to a federal court for equitable relief. The facts, which the motion to dismiss conceded, present a far stronger case for such relief than any of the cases with which this Court dealt in Okla. Gas Co. v. Russell, 261 U. S. 290, 261 U. S. 293; Prendergast v. N.Y. Tel. Co., 262 U. S. 43; Pacific Tel. Co. v. Kuykendall, supra, 265 U. S. 204, and Banton v. Belt Line Ry., 268 U. S. 413, 268 U. S. 415.
Some complaint is made to the effect that the decree attempts to bind persons not parties to the suit, including thousands of subscribers, and to prohibit appellants from enforcing in the future any legislative remedy for excessive charges hereafter imposed, however unreasonable they may be. As to the first branch of the complaint, it is only necessary to say that the commission represents the public, and especially the subscribers, and they are properly bound by the decree. In re Engelhard & Sons Co., 231 U. S. 646, 231 U. S. 651. As to the other objection, there is nothing in the decree, rightly construed, which attempts to curtail or could curtail the legislative or ratemaking powers of appellants to proceed hereafter under the state law, subject to such limitations, if any, as may be required by the doctrines of res judicata, ordinarily applicable in such cases.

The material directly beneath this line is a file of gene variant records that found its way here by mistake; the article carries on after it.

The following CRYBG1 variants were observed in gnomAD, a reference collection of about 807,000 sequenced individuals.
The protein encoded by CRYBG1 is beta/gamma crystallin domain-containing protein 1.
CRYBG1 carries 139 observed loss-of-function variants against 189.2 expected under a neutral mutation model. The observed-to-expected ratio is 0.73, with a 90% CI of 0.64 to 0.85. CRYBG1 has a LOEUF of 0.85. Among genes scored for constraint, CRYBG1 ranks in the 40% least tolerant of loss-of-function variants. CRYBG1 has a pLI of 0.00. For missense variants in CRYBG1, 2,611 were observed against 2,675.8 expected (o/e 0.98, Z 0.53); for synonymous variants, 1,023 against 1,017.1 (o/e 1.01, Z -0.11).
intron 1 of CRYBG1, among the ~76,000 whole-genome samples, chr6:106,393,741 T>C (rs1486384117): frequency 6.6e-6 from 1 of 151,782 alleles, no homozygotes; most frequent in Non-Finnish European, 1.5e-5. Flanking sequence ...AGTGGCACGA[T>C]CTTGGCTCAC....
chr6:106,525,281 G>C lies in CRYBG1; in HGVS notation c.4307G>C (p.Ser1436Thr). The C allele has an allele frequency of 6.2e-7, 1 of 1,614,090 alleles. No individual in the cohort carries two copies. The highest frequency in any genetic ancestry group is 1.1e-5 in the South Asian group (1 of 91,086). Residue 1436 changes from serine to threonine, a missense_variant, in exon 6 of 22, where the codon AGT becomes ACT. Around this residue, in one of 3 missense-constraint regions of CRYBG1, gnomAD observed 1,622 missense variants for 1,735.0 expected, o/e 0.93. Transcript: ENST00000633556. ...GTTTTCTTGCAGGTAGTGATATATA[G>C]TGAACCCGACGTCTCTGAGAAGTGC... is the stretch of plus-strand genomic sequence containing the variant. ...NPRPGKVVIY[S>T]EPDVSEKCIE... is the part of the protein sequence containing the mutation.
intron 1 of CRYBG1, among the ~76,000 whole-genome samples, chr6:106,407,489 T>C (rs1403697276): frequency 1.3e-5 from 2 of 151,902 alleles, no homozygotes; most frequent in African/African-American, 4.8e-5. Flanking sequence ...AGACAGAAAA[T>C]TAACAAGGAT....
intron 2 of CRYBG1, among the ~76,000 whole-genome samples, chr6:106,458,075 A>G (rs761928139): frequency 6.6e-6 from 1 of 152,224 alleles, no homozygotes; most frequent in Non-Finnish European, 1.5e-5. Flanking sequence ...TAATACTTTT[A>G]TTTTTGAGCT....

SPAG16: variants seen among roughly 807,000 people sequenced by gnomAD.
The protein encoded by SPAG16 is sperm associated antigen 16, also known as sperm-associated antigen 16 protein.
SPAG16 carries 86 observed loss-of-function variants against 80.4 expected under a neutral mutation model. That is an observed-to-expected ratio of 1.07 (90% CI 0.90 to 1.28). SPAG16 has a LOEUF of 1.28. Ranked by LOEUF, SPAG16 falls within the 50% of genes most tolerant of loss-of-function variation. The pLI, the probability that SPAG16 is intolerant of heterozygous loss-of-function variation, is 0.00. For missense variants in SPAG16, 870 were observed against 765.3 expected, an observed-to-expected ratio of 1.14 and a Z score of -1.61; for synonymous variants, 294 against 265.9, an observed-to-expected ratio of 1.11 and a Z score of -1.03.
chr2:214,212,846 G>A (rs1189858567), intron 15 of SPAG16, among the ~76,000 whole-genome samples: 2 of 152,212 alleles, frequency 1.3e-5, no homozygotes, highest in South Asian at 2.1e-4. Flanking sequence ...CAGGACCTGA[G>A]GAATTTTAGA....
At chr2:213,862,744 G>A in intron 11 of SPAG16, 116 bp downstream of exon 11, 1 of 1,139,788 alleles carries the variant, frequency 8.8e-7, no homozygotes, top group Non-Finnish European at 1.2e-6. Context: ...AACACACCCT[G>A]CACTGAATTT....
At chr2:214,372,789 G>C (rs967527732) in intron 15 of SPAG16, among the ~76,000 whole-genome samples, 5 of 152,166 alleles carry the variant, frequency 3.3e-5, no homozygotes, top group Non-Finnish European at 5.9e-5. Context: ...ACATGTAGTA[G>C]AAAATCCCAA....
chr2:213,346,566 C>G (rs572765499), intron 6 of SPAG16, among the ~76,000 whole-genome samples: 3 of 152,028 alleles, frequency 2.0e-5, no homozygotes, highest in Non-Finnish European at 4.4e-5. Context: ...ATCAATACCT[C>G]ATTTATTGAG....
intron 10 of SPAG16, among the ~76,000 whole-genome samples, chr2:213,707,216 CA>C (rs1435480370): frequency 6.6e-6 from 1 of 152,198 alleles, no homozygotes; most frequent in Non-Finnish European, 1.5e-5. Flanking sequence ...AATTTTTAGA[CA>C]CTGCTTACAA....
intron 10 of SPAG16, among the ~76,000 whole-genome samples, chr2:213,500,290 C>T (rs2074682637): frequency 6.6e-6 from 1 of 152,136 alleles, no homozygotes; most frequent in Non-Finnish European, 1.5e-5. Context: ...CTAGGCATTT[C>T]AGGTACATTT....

MR. JUSTICE STONE took no part in the consideration or decision of these cases.